That's where the absence of McDonough the enforcer -- or even a reasonable facsimile -- counted. McDonough often stiffened Greenspan's spine in standing up to the Fed's bureaucracy. Although the presidency of the New York Fed is traditionally the second most powerful position in the central bank, no permanent successor to McDonough has been named. A relatively inexperienced board of governors and Greenspan appear to have been rolled over by staffers.
Disappointment among investors was reflected in a quick drop of 100 points at the New York Stock Exchange. More worrisome, however, was its inverted impact on interest rates. The 3.24 percent rate on 10-year bonds soared into the 3.5-3.6 percent range. Thus, a cut of 25 basis points in short-term rates translated into a 25-basis point increase in long-term rates. That is the worst outcome for a central bank in any country at any time -- "an absolute fiasco" in the words of one ex-Fed official.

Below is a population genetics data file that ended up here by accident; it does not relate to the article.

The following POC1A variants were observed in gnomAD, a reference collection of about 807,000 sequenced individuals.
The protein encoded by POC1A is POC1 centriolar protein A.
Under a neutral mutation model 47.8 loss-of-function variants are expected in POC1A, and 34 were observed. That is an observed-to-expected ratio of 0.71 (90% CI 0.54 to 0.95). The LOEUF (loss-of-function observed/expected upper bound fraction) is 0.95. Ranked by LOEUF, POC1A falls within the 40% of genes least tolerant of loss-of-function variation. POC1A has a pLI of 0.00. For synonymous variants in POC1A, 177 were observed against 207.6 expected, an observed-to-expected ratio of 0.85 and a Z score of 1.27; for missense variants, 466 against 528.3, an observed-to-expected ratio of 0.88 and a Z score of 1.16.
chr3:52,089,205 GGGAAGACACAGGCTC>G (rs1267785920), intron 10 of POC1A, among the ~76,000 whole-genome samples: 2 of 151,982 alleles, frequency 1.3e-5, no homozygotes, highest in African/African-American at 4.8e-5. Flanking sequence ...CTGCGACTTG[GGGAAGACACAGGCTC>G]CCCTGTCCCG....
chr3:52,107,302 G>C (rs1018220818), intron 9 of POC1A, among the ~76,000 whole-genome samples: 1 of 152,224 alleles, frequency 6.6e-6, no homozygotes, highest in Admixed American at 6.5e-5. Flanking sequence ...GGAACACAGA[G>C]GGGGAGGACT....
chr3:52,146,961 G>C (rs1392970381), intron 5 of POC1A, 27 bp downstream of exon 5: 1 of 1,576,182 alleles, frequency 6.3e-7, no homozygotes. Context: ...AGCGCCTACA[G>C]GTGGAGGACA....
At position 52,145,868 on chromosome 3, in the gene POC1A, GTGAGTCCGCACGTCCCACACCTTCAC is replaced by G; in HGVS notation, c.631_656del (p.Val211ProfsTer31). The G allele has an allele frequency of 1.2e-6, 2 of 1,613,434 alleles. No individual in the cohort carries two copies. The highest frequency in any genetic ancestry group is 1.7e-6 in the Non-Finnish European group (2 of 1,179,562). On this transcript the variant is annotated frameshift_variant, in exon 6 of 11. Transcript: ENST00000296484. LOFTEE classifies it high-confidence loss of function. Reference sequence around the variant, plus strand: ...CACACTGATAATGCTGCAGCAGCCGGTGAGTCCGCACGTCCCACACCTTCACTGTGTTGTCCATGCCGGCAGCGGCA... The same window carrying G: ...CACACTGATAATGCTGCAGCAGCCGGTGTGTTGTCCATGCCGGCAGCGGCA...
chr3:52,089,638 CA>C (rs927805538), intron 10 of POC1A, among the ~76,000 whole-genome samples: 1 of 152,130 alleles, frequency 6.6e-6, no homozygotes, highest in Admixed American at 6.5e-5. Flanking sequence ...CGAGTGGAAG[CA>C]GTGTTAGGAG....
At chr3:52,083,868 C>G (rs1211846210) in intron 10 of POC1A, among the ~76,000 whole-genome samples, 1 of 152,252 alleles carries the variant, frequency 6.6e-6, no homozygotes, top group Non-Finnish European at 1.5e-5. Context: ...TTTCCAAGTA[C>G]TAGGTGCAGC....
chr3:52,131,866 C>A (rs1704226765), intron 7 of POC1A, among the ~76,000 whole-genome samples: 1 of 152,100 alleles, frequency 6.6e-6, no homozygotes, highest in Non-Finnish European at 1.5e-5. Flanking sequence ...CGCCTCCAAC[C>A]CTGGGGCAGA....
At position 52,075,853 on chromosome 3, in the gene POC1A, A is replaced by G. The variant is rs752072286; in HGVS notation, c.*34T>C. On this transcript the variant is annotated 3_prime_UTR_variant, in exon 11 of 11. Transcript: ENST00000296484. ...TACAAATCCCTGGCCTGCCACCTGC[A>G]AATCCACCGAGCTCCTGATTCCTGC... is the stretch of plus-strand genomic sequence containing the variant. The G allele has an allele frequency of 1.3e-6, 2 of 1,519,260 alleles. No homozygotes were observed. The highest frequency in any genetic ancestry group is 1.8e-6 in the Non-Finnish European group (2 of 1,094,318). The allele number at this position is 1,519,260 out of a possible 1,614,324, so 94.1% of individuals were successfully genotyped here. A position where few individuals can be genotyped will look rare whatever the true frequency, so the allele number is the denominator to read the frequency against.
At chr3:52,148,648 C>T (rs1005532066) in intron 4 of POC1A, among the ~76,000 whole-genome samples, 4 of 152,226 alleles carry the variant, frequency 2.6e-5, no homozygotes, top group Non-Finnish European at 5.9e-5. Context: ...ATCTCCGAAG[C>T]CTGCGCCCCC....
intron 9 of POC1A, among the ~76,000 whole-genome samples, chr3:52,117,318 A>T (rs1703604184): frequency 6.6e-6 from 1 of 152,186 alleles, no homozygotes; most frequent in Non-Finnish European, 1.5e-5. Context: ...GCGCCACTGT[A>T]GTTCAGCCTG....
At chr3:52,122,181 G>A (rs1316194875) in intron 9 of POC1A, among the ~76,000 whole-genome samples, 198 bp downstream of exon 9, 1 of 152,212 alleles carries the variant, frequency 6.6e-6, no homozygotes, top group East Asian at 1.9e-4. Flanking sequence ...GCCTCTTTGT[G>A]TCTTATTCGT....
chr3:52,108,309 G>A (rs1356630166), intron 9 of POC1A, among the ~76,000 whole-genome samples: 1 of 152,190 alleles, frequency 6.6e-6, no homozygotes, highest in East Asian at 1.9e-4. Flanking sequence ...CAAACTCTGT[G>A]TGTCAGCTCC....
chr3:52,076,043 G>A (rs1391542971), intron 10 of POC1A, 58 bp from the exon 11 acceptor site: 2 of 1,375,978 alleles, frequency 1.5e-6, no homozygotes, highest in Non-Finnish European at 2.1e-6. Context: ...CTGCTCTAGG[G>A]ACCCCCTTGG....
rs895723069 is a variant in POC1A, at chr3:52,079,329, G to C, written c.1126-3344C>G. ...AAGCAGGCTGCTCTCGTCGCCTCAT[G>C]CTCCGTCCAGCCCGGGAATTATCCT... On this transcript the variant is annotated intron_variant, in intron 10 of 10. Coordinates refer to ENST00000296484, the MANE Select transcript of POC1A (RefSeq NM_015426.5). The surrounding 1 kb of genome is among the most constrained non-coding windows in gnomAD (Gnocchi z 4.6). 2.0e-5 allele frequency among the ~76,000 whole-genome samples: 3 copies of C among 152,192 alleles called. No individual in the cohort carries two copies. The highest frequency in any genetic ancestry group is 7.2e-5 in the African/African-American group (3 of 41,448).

One former Fed governor called this "the worst single performance that Alan Greenspan has ever had." Former Governor Wayne Angel told me it would be "very, very costly." Yet, as usual, politicians at both ends of Pennsylvania Avenue were silent, seemingly oblivious to what was happening in the Federal Reserve's marble palace a few blocks away.
The consequences could be shattering for George W. Bush. Old aides of his father still contend that the senior Bush's chances for re-election were doomed when Greenspan and the Fed tightened money. A dozen years later, the Greenspan-led Fed may have guaranteed more slow growth and job losses. There is hardly worse news for a president seeking re-election.